Who’s Next to Me?

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I was annoyed when I found out that some people think Emeli Sande’s song “Next To Me” was about God (or more specifically Jesus) and not about an awesome male partner.  Partly because I loved the catchy tune when I first heard it, and because it made me think of my awesome husband.  Maybe too because we need more pop songs celebrating good long-lasting love … (though, I do love it when Carrie carves her name into his leather seats …)  But also because of the assumption that God has to be referred to as “Him.”  That if there’s a “him” being honored, it has to be God.  That if you’re going to speak about God, you’re going to use male exclusive language.

Maybe the lyrics are a personality test, where a person’s interpretation of the lyrics tells you more about the listener than about the artist.  The fact that when I heard and loved the song I did not think about a deity, rather I thought about my husband, tells you something about me (and maybe something about him).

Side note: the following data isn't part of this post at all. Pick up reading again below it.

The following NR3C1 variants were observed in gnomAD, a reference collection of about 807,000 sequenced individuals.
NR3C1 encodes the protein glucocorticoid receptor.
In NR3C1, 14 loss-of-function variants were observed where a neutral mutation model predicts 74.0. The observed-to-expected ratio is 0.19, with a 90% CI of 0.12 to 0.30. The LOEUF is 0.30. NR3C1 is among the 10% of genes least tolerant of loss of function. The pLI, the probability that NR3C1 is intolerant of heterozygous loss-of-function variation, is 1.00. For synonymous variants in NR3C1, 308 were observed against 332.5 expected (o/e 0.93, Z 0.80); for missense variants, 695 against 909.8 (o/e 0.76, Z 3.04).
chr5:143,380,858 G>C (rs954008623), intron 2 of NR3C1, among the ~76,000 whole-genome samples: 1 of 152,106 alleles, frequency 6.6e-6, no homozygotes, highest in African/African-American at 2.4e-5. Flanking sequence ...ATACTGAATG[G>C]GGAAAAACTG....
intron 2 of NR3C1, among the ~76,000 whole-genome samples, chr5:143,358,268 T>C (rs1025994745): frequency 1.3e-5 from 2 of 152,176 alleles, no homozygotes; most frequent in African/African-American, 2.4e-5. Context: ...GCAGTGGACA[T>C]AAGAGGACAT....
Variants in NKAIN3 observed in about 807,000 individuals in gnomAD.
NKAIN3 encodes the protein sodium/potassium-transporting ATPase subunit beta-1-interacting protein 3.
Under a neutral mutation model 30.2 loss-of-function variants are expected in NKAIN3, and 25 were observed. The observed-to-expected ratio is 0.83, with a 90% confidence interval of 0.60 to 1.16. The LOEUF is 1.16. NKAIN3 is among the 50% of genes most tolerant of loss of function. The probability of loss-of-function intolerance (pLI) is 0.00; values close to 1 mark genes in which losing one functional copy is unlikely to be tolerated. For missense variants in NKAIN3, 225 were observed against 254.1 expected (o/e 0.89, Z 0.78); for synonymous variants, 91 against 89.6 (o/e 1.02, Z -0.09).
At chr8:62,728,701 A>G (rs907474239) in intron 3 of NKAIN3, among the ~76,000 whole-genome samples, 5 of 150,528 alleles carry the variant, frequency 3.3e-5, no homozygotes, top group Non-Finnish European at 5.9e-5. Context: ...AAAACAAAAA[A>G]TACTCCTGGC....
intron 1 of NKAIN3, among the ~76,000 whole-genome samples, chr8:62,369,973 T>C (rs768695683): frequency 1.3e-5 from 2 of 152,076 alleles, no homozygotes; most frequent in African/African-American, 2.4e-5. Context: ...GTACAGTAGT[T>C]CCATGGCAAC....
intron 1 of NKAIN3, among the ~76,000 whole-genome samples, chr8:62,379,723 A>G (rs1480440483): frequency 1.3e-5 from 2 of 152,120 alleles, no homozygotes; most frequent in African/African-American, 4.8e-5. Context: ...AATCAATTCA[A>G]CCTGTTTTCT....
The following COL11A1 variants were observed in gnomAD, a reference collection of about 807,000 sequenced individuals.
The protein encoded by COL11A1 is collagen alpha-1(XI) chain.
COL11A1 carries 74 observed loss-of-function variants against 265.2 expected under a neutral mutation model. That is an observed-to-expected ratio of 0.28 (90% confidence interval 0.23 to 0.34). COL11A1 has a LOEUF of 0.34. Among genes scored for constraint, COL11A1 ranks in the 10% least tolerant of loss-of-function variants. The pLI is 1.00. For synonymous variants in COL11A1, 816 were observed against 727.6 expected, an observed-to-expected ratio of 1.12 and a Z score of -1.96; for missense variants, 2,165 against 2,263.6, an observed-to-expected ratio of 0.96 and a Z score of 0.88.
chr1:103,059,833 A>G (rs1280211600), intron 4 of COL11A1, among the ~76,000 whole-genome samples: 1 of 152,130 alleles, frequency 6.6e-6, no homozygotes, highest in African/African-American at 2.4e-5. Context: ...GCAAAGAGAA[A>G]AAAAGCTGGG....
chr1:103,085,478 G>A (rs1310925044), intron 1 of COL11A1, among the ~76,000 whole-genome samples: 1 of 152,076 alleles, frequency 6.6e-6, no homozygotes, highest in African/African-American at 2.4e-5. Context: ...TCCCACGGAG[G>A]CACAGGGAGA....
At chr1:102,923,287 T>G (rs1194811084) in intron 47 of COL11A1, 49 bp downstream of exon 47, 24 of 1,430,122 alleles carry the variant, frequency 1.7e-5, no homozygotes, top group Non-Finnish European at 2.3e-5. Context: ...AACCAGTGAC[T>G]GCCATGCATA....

In this brief video explanation, Sande says that it’s a “simple lyric” about “loyalty, about love, that unconditional love that will be there for you whenever you need it…”

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I still love the tune, the lyrics, and am sharing it today because this weekend my husband and I celebrated our 18th wedding anniversary, and this summer is the 20th anniversary of our first date.

After two decades, you CAN still find him next to me.

 

About Caryn Riswold

Caryn D. Riswold is a feminist theologian in the Lutheran tradition. She is Professor of Religion and Chair of Gender and Women’s Studies at Illinois College in Jacksonville, Illinois, where she has worked for over a decade teaching undergraduates to think critically and creatively about religion. She earned her Ph.D. and Th.M. from the Lutheran School of Theology at Chicago, holds a master’s degree from the Claremont School of Theology, and received her B.A. from Augustana College in her childhood hometown of Sioux Falls, South Dakota.

  • Pseudonym

    For some reason, this reminds me of the Peter Gabriel song In Your Eyes. Gabriel wrote it deliberately so that it could be interpreted as a love song or a religious song.


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